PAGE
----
Monday Morning Coffee with Mark

What Young People Need Now: Teens and Mental Health

May 08, 2023 Mark Roberts Season 3 Episode 19
Monday Morning Coffee with Mark
What Young People Need Now: Teens and Mental Health
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Welcome to the Westside church’s special Monday Morning Coffee podcast with Mark Roberts. Mark is a disciple, a husband, father and grand dad, as well as a certified coffee geek, fan of CS Lewis’ writings and he loves his big red Jeep. He’s also the preacher for Westside church.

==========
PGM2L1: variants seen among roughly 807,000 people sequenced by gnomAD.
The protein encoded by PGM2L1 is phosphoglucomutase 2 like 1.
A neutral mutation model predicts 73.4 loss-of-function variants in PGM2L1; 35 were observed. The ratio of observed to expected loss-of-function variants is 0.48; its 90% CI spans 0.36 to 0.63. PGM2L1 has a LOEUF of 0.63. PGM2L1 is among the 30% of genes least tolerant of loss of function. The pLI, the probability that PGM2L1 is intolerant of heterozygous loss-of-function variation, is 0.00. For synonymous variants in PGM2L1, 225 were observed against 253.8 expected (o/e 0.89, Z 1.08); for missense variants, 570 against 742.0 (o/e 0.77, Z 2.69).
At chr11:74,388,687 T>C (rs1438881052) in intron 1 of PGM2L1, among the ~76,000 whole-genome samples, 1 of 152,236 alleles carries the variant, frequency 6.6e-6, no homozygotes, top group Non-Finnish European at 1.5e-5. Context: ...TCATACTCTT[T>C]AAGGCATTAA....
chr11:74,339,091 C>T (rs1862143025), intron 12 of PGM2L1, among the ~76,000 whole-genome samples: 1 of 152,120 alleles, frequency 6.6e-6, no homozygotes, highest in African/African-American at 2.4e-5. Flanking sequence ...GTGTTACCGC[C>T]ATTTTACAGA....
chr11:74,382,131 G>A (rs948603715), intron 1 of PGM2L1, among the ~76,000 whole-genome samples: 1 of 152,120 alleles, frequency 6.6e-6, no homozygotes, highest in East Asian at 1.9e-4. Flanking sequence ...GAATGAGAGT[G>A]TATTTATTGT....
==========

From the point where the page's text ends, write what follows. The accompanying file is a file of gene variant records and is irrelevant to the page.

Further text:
Speaker 1:

Hello, and welcome to the Westside churches special Monday Morning Coffee podcast on this podcast, our preacher Mark Roberts will help you get your week started right. With look back at yesterday's sermon so that we can think through it further and better work the applications into our daily lives. Mark will then look forward into this week's Bible reading so that we can know what to expect and watch for. And, he may have some extra bonus thoughts from time to time. So grab a cup of coffee as we start the week together on Monday Morning Coffee with Mark.

Speaker 3: